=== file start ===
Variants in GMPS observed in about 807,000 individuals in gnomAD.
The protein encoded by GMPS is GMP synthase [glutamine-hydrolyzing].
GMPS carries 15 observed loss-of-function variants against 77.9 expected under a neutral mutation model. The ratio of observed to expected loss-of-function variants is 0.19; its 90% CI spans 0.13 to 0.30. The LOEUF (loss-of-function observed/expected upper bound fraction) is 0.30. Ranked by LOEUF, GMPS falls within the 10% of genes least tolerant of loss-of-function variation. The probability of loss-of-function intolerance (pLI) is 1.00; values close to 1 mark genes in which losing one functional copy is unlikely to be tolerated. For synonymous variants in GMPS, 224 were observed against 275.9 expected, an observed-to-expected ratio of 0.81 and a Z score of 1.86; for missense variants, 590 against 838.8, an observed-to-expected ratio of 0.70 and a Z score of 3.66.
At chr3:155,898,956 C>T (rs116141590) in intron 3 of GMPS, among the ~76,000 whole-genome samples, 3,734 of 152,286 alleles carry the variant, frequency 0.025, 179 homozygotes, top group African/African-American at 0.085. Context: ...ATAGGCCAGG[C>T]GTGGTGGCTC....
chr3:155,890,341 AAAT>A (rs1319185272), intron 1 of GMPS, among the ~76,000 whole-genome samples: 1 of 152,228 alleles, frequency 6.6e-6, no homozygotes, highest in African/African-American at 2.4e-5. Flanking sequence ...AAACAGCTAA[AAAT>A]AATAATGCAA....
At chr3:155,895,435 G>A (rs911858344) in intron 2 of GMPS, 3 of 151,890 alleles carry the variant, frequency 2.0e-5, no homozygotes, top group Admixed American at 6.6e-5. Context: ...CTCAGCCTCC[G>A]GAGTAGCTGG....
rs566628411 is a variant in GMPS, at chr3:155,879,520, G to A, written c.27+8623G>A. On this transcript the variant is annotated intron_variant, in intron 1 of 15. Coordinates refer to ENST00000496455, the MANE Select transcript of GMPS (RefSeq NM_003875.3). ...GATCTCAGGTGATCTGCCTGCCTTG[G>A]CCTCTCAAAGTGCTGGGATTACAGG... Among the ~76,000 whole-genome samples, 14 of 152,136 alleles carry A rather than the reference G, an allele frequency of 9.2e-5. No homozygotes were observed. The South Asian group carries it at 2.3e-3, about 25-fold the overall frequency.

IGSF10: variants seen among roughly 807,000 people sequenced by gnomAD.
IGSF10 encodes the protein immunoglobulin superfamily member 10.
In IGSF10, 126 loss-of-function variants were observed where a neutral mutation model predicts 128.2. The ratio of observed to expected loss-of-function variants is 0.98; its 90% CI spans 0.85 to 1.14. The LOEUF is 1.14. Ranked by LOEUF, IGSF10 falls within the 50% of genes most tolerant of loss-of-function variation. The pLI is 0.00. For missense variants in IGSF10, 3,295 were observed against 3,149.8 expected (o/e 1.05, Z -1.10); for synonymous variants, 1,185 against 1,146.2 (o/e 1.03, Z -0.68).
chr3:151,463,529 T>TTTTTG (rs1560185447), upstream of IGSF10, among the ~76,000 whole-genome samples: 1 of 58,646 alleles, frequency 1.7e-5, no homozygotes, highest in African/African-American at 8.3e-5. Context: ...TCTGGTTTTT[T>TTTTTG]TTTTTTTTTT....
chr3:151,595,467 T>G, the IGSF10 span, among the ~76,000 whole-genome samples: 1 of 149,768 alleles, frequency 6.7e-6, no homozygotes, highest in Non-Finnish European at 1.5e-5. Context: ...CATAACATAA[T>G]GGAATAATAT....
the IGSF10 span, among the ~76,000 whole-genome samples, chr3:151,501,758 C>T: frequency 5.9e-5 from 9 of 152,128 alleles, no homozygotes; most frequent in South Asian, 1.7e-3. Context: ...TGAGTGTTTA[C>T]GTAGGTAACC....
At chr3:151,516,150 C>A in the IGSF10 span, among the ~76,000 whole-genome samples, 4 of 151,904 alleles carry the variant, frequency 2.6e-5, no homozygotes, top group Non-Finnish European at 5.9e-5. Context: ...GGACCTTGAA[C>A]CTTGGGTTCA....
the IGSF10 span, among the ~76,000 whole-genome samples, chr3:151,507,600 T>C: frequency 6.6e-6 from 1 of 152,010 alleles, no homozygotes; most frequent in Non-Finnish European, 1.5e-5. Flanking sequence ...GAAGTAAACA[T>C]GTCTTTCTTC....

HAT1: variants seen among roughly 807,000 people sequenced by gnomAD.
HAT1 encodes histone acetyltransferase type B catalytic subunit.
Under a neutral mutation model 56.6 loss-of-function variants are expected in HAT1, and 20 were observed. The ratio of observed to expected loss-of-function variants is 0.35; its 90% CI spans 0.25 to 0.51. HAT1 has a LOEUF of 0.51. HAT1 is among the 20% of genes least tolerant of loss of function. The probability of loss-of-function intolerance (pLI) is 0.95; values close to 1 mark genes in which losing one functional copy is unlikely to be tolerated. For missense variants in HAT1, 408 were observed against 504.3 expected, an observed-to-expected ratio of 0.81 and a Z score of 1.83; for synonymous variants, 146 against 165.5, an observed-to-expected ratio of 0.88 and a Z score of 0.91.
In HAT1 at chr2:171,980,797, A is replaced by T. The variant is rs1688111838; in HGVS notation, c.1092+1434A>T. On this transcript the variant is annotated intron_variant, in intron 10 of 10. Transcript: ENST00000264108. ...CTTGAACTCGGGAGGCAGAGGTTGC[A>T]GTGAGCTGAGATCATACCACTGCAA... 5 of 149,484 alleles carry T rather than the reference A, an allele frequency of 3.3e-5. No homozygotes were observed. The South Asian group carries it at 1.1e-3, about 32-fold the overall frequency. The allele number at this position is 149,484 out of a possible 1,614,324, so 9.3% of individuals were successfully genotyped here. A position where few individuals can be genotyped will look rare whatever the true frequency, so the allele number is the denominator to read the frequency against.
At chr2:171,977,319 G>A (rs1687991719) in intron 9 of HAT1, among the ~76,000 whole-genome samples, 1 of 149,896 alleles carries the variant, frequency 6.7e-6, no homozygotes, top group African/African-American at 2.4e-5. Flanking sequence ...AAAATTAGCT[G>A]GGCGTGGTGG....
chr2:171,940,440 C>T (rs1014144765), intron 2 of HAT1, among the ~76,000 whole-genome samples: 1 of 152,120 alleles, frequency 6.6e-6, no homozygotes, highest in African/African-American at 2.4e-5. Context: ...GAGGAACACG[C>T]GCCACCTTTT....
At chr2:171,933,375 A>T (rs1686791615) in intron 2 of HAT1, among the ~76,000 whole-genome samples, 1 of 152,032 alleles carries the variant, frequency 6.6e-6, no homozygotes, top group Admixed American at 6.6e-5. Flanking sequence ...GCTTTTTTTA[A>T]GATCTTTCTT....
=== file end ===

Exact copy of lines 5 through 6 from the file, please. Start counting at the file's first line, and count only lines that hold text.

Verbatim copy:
chr3:155,890,341 AAAT>A (rs1319185272), intron 1 of GMPS, among the ~76,000 whole-genome samples: 1 of 152,228 alleles, frequency 6.6e-6, no homozygotes, highest in African/African-American at 2.4e-5. Flanking sequence ...AAACAGCTAA[AAAT>A]AATAATGCAA....
At chr3:155,895,435 G>A (rs911858344) in intron 2 of GMPS, 3 of 151,890 alleles carry the variant, frequency 2.0e-5, no homozygotes, top group Admixed American at 6.6e-5. Context: ...CTCAGCCTCC[G>A]GAGTAGCTGG....